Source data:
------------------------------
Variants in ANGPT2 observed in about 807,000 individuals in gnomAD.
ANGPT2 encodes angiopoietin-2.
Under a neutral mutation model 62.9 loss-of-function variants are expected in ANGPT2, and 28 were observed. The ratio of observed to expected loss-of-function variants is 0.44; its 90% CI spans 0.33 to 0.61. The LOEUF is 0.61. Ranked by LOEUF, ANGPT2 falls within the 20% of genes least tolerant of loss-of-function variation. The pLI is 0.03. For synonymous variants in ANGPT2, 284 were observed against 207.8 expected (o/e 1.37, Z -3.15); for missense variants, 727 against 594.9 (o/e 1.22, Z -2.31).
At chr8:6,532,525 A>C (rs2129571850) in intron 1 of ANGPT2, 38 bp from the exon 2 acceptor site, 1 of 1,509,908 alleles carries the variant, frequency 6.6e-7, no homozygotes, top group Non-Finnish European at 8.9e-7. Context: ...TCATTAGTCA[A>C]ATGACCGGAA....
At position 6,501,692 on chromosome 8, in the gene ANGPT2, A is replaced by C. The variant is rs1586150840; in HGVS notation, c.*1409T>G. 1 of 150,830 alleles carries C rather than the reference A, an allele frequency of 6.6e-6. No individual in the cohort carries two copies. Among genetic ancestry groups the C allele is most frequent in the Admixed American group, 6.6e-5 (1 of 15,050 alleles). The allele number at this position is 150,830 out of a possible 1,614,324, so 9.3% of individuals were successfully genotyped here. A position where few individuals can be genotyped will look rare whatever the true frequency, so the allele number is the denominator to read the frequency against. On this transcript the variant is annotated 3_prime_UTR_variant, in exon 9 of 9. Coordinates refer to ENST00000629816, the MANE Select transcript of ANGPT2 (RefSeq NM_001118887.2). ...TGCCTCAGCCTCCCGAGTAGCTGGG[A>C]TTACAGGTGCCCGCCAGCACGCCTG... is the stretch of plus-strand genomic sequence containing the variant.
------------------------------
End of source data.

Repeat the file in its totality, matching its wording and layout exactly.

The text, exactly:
Variants in ANGPT2 observed in about 807,000 individuals in gnomAD.
ANGPT2 encodes angiopoietin-2.
Under a neutral mutation model 62.9 loss-of-function variants are expected in ANGPT2, and 28 were observed. The ratio of observed to expected loss-of-function variants is 0.44; its 90% CI spans 0.33 to 0.61. The LOEUF is 0.61. Ranked by LOEUF, ANGPT2 falls within the 20% of genes least tolerant of loss-of-function variation. The pLI is 0.03. For synonymous variants in ANGPT2, 284 were observed against 207.8 expected (o/e 1.37, Z -3.15); for missense variants, 727 against 594.9 (o/e 1.22, Z -2.31).
At chr8:6,532,525 A>C (rs2129571850) in intron 1 of ANGPT2, 38 bp from the exon 2 acceptor site, 1 of 1,509,908 alleles carries the variant, frequency 6.6e-7, no homozygotes, top group Non-Finnish European at 8.9e-7. Context: ...TCATTAGTCA[A>C]ATGACCGGAA....
At position 6,501,692 on chromosome 8, in the gene ANGPT2, A is replaced by C. The variant is rs1586150840; in HGVS notation, c.*1409T>G. 1 of 150,830 alleles carries C rather than the reference A, an allele frequency of 6.6e-6. No individual in the cohort carries two copies. Among genetic ancestry groups the C allele is most frequent in the Admixed American group, 6.6e-5 (1 of 15,050 alleles). The allele number at this position is 150,830 out of a possible 1,614,324, so 9.3% of individuals were successfully genotyped here. A position where few individuals can be genotyped will look rare whatever the true frequency, so the allele number is the denominator to read the frequency against. On this transcript the variant is annotated 3_prime_UTR_variant, in exon 9 of 9. Coordinates refer to ENST00000629816, the MANE Select transcript of ANGPT2 (RefSeq NM_001118887.2). ...TGCCTCAGCCTCCCGAGTAGCTGGG[A>C]TTACAGGTGCCCGCCAGCACGCCTG... is the stretch of plus-strand genomic sequence containing the variant.